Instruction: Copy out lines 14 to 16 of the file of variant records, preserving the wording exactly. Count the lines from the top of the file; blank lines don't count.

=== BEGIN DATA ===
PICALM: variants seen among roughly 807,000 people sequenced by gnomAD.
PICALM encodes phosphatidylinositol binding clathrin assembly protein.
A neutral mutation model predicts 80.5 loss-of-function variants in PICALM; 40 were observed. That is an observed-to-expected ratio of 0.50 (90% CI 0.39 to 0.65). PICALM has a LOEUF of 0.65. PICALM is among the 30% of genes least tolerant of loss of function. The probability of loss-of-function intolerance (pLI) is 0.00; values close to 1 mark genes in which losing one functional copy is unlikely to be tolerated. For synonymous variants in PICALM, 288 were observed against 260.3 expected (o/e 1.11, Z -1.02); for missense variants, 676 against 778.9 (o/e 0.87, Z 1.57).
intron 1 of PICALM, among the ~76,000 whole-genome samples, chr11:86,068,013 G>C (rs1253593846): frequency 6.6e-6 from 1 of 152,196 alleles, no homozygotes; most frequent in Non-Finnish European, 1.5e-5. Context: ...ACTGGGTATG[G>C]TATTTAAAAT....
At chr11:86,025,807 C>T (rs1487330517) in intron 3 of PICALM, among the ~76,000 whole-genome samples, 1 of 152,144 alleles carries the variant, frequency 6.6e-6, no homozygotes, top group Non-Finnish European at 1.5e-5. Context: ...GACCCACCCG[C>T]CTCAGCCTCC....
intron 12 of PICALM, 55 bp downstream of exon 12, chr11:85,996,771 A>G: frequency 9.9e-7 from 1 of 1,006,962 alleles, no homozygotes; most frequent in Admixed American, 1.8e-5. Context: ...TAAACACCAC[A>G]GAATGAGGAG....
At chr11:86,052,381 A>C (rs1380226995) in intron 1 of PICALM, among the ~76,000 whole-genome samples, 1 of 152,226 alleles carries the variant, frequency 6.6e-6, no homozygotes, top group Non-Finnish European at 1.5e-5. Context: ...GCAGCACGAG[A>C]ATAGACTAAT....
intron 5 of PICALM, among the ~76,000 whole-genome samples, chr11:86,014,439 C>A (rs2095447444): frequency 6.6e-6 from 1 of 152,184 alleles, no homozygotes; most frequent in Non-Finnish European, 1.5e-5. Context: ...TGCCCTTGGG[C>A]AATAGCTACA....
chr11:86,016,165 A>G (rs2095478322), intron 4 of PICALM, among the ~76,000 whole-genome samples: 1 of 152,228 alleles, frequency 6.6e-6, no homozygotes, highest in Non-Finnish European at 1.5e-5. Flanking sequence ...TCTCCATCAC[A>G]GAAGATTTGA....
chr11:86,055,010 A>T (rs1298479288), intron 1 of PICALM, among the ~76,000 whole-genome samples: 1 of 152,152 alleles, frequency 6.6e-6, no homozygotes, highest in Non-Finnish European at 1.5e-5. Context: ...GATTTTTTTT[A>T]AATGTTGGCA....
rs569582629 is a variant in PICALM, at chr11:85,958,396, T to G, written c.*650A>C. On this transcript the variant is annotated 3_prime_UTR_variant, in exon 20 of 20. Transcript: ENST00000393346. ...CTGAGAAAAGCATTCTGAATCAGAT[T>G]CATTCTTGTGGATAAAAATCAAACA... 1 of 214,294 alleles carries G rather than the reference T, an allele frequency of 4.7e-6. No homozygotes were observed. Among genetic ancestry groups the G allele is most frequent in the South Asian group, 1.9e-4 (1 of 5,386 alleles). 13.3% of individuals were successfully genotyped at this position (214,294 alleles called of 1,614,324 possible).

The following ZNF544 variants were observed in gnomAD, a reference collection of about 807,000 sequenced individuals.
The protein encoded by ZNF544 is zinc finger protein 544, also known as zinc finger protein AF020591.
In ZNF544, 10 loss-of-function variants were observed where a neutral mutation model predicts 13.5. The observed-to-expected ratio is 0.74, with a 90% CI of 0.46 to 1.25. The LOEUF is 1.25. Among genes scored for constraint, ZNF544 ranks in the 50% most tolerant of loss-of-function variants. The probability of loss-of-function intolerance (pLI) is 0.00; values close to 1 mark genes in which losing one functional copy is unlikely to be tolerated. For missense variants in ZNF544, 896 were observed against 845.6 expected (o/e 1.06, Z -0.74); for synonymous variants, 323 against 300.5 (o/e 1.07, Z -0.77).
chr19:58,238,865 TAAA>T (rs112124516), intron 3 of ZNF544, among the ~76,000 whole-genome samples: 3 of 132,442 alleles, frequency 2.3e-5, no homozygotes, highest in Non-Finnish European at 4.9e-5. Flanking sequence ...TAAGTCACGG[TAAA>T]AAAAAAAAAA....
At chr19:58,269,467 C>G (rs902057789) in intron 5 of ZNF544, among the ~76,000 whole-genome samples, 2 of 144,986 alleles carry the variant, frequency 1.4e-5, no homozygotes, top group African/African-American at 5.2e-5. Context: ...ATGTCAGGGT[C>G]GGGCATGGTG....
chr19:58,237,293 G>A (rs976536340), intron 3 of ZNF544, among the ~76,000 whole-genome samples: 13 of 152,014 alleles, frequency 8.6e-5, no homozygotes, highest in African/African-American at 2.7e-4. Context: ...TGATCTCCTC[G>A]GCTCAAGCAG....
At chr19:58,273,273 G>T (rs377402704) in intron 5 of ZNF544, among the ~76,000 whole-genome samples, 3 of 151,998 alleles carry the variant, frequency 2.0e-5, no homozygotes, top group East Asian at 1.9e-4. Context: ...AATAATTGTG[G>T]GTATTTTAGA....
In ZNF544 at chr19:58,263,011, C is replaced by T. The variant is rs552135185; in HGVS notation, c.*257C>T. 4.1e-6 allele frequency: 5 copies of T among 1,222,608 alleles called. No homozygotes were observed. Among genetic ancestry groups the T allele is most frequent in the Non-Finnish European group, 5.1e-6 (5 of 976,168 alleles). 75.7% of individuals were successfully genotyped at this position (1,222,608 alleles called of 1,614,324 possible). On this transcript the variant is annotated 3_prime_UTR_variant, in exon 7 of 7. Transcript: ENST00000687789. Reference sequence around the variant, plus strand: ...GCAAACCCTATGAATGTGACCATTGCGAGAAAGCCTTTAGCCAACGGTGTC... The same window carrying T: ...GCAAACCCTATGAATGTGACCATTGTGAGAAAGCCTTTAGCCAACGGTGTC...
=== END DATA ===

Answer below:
In ZNF544, 10 loss-of-function variants were observed where a neutral mutation model predicts 13.5. The observed-to-expected ratio is 0.74, with a 90% CI of 0.46 to 1.25. The LOEUF is 1.25. Among genes scored for constraint, ZNF544 ranks in the 50% most tolerant of loss-of-function variants. The probability of loss-of-function intolerance (pLI) is 0.00; values close to 1 mark genes in which losing one functional copy is unlikely to be tolerated. For missense variants in ZNF544, 896 were observed against 845.6 expected (o/e 1.06, Z -0.74); for synonymous variants, 323 against 300.5 (o/e 1.07, Z -0.77).
chr19:58,238,865 TAAA>T (rs112124516), intron 3 of ZNF544, among the ~76,000 whole-genome samples: 3 of 132,442 alleles, frequency 2.3e-5, no homozygotes, highest in Non-Finnish European at 4.9e-5. Flanking sequence ...TAAGTCACGG[TAAA>T]AAAAAAAAAA....
At chr19:58,269,467 C>G (rs902057789) in intron 5 of ZNF544, among the ~76,000 whole-genome samples, 2 of 144,986 alleles carry the variant, frequency 1.4e-5, no homozygotes, top group African/African-American at 5.2e-5. Context: ...ATGTCAGGGT[C>G]GGGCATGGTG....